(This post was written by Tedly.)
Bangkok, Thailand; home to 10 million people; a massive center of commerce; a polluted, congested, chaotic metropolis. Yet somehow, at the same time, a peaceful, exotic and charming place that I greatly enjoyed during the two weeks we lived there.
One of my favorite ‘discoveries’ in Bangkok was the ancient system of canals – and the public water taxis that still make use of them. Indeed, Bangkok has been called the Venice of the East. And as someone who was recently in Venice, I can say the name is appropriate.
Bangkok is criss-crossed by miles of canals (khlongs) fed by the Chao Phraya River. From the 16th through 19th centuries, these canals were often the primary form of transit around Bangkok. Many canals have now been filled in to accommodate development or sit dormant. But the Chao Phraya and a number of the khlongs are still heavily used by locals – and visitors – to save time and money while navigating and enjoying Bangkok.
A ride down the Chao Phraya on an orange flagged express boat – which stops at over 20 different boat piers – costs 15 Baht (.50¢ usd). And there are other colored boats which stop less frequently for a slightly higher fare. By comparison, a single ride on a water taxi in Venice, Italy costs 7.5 €uros ($8.50 usd).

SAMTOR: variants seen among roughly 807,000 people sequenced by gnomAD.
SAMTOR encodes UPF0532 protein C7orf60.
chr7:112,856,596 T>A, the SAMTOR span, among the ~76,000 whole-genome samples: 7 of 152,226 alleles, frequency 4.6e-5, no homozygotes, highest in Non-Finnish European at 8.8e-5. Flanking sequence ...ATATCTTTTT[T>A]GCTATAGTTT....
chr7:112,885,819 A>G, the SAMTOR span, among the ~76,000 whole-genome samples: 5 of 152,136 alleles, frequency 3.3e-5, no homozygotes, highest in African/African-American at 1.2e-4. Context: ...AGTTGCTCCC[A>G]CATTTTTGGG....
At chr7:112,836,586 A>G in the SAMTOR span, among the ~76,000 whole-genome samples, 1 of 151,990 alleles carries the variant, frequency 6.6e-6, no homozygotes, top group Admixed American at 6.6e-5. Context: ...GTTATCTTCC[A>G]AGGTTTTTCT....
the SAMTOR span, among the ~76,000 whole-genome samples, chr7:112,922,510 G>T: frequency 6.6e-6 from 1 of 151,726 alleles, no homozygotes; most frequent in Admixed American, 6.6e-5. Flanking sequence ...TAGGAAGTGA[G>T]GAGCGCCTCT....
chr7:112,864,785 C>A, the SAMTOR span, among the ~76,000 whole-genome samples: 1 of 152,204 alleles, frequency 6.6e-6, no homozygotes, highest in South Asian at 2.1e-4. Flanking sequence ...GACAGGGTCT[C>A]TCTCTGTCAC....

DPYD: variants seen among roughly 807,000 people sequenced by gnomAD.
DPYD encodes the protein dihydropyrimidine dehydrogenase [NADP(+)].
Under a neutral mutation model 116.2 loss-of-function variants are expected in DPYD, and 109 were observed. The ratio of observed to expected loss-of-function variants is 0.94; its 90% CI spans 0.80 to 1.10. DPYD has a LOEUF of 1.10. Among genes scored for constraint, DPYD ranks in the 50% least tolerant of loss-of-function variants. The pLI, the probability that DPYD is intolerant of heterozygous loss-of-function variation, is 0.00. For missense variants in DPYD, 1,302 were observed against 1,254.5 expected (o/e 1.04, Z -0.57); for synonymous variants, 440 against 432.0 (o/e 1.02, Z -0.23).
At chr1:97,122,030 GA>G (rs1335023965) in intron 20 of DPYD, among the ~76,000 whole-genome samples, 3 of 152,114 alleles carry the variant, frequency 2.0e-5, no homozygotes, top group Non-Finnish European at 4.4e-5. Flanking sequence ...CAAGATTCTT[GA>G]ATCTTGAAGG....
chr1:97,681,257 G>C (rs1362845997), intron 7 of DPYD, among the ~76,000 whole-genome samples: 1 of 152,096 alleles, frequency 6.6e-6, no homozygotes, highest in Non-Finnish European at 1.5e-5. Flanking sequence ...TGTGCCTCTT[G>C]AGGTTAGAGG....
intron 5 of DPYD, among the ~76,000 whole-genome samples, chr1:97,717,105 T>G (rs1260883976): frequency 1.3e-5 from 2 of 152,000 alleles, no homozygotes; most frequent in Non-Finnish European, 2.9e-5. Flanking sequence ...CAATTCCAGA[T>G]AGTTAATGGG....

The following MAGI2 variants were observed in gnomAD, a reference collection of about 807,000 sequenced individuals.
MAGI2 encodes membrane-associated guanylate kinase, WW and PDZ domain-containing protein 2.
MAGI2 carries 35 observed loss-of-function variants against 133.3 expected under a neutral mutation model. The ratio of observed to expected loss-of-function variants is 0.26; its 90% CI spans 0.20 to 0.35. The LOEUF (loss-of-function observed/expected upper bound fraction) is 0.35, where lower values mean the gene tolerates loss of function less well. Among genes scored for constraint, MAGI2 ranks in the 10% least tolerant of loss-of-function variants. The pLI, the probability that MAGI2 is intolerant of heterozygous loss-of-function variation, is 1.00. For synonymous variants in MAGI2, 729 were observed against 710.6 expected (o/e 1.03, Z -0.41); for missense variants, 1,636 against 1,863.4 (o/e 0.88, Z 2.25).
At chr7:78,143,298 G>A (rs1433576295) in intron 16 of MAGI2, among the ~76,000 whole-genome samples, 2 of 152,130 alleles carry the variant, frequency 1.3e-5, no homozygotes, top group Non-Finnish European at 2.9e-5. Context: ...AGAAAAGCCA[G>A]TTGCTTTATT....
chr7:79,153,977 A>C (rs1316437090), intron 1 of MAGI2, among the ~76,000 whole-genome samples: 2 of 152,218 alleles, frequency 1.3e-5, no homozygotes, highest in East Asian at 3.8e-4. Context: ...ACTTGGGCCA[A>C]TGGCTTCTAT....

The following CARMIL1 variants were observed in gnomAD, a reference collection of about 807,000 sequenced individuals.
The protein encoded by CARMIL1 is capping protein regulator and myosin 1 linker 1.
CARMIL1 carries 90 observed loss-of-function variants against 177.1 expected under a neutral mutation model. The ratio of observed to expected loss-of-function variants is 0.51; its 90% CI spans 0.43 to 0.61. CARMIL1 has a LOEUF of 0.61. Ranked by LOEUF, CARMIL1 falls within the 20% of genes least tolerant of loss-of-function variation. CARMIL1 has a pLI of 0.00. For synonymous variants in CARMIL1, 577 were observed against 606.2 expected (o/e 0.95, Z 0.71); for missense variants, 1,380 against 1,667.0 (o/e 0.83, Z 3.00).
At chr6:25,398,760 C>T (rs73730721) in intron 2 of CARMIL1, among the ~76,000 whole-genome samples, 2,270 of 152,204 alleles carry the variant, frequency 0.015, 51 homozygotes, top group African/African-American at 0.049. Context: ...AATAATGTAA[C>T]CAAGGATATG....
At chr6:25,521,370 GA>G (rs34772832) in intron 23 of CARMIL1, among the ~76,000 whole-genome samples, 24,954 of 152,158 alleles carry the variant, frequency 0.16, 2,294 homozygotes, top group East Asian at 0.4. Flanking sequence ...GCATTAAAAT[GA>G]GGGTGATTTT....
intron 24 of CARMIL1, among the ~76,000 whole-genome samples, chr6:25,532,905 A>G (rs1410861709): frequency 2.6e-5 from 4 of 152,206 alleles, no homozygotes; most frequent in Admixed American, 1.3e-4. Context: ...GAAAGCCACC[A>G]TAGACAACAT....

Rides on some of the smaller, narrow canals through the city cost as little as 9 Baht. And a one-way ferry across the Chao Phraya is only 3 Baht (.10¢ usd)! A quick traghetto (gondola) trip across the grand canal in Venice is 2 €uros ($2.30 usd). Now granted, Venice can be more romantic — but the water seemed only slightly cleaner and the rides in Venice are nearly all packed with tourists. Bangkok seemed more ‘authentic’ as we passed canal-side food carts, Thai school children, business commuters, and homes with laundry and junk piled on porches. They even have adjustable plastic side covers on the smaller Bangkok boats to keep you from being splashed with canal water.
I took a handful of rides around Bangkok during the time we were there; both for specific transport and just joy riding. Both ways were fun, cheap, relaxing and interesting – and just as fast as using the terribly congested roads combined with the monorail/subway. I should also point out that there are other options for exploring Bangkok by waterway; including private long-tail boat, big tourist ferries, and dinner-cruise type vessels. All of these cost way more money and seemed far less fun than riding with the locals.
Check out the video to get a feeling for traveling around Bangkok on the inexpensive water taxis.